One pitcher criticises the Essential polling that found one in two Australians want a ban on Muslim migration. The polling, she implies, was irresponsible or fraudulent, and the reporting on it no better. She asks anyone in the room who wants to ban Muslim migration to put up their hands (promising not to judge). No one immediately does, but we wait. A man with an Arabic name who is pitching next jokingly puts up his hand, breaking the tension. The part of me that knows a smattering about both polling techniques and peer pressure is screaming.
My Junket experience was full of vignettes like this, punctuated rather jarringly by the branding of the corporations that made this luxury shindig possible. Edginess has become a marketable quality, which makes the marriage possible, but I’ve always figured genuine social justice rarely works out well for the establishment.
At one point I joke with a fellow attendee about the vodka brand that’s asked us to pitch ideas to innovate our way to “a purer planet” for a cash prize. I say I’m going to pitch a revival of the White Australia Policy. Later we get drunk on the company’s free liquor while listening to a speech from the company’s “vodka professor”. His title on LinkedIn is global advocacy director of the multinational liquor company that owns the funky vodka brand, and he has a qualification in law. And the winning idea? An app that gives you a daily idea on how to be a better person.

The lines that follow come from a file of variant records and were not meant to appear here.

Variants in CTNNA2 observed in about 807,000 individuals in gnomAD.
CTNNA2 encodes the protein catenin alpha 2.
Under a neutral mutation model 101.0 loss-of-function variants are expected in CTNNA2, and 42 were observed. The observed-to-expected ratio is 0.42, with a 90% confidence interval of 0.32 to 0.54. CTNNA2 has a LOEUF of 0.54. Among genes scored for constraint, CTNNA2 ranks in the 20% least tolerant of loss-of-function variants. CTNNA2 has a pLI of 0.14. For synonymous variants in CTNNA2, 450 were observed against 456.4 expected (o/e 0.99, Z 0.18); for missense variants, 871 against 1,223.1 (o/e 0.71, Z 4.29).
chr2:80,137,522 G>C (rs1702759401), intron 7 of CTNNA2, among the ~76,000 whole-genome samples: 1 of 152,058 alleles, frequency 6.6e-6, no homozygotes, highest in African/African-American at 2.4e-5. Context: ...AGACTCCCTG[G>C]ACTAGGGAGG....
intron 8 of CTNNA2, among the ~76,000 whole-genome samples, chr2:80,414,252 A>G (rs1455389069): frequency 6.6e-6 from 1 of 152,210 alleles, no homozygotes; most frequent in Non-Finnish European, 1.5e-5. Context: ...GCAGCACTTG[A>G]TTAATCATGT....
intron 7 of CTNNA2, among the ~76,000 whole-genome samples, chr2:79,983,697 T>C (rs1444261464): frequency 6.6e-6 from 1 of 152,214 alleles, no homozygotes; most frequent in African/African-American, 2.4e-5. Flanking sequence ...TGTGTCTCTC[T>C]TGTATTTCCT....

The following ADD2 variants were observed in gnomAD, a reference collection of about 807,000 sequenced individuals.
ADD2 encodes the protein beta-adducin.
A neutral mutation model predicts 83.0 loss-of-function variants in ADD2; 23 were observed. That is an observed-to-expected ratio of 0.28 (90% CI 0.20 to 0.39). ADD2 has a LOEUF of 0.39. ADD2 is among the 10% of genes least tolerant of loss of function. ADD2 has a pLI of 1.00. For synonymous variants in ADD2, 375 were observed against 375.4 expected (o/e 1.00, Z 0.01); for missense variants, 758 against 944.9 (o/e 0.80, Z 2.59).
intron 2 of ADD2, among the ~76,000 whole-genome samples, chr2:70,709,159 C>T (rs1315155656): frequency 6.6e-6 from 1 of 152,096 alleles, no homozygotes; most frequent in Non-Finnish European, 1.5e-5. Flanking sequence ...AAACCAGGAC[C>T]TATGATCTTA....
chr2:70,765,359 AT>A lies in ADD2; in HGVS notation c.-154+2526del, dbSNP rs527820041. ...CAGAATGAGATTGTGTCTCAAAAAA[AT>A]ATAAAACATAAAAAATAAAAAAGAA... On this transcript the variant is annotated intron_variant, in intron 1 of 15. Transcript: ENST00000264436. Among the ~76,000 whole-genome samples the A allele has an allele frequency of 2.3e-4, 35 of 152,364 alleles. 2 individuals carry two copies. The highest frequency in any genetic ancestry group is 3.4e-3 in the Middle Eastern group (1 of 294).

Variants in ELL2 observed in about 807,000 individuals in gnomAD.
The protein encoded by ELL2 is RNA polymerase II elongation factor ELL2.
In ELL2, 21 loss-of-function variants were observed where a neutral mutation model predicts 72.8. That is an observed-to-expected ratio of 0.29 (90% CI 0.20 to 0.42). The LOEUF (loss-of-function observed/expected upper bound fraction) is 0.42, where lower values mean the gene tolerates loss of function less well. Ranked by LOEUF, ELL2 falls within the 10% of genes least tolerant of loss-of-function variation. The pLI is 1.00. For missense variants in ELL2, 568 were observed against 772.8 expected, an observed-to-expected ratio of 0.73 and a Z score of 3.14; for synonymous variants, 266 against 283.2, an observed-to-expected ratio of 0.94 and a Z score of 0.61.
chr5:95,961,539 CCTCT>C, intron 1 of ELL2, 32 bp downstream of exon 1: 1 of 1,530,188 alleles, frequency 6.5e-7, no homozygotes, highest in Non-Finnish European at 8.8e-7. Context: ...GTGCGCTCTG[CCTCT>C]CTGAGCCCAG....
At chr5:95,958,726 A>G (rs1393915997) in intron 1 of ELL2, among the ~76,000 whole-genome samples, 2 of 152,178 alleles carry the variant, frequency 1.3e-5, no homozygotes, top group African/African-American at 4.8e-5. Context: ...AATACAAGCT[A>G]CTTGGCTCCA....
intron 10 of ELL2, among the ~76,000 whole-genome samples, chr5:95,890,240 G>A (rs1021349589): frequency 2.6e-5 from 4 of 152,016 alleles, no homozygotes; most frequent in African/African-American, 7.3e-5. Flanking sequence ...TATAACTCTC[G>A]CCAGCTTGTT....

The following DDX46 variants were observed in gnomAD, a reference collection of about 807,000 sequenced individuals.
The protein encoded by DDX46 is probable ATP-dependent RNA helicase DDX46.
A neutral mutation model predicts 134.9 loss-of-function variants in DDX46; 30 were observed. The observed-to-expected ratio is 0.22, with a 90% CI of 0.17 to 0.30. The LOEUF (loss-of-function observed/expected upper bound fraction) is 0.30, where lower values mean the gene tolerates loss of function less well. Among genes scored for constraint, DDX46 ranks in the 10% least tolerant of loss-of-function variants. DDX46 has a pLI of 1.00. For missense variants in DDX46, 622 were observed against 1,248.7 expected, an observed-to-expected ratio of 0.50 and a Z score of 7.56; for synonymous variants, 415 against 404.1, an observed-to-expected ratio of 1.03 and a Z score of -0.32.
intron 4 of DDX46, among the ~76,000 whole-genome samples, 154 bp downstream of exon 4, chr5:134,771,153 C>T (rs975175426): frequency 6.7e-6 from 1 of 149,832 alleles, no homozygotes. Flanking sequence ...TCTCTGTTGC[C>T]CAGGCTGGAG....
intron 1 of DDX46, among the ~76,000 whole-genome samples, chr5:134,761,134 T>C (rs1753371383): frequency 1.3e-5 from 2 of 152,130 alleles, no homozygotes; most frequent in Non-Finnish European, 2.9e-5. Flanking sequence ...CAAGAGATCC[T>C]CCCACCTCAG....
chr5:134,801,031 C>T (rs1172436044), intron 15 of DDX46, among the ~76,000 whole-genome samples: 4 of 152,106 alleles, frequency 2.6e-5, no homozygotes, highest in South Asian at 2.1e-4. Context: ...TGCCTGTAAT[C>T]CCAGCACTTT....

Another sponsor gives everyone $100 vouchers that they can either spend on themselves or give to another attendee to bring their marvelous idea to life. We’re quickly informed of the catch. While the vouchers can be exchanged for real money, that money can only be deposited into a bank account held by the sponsor bank.
We are given swanky bath robes with the logo of the sponsoring airline on them and told to wear them to breakfast the next morning “to be comfortable”. The morality of attending a most-expenses-paid junket at all is, for me, murky, but I figure I should draw a line at being seen literally clothed in a sponsoring brand. I ignore the instruction and go to breakfast in a hoodie. A woman asks me why I’m not wearing my bathrobe — I tell her I didn’t want to. I later learn that I’m not alone in this choice, but on the morning, I find myself confronted by a sea of royal blue bathrobes.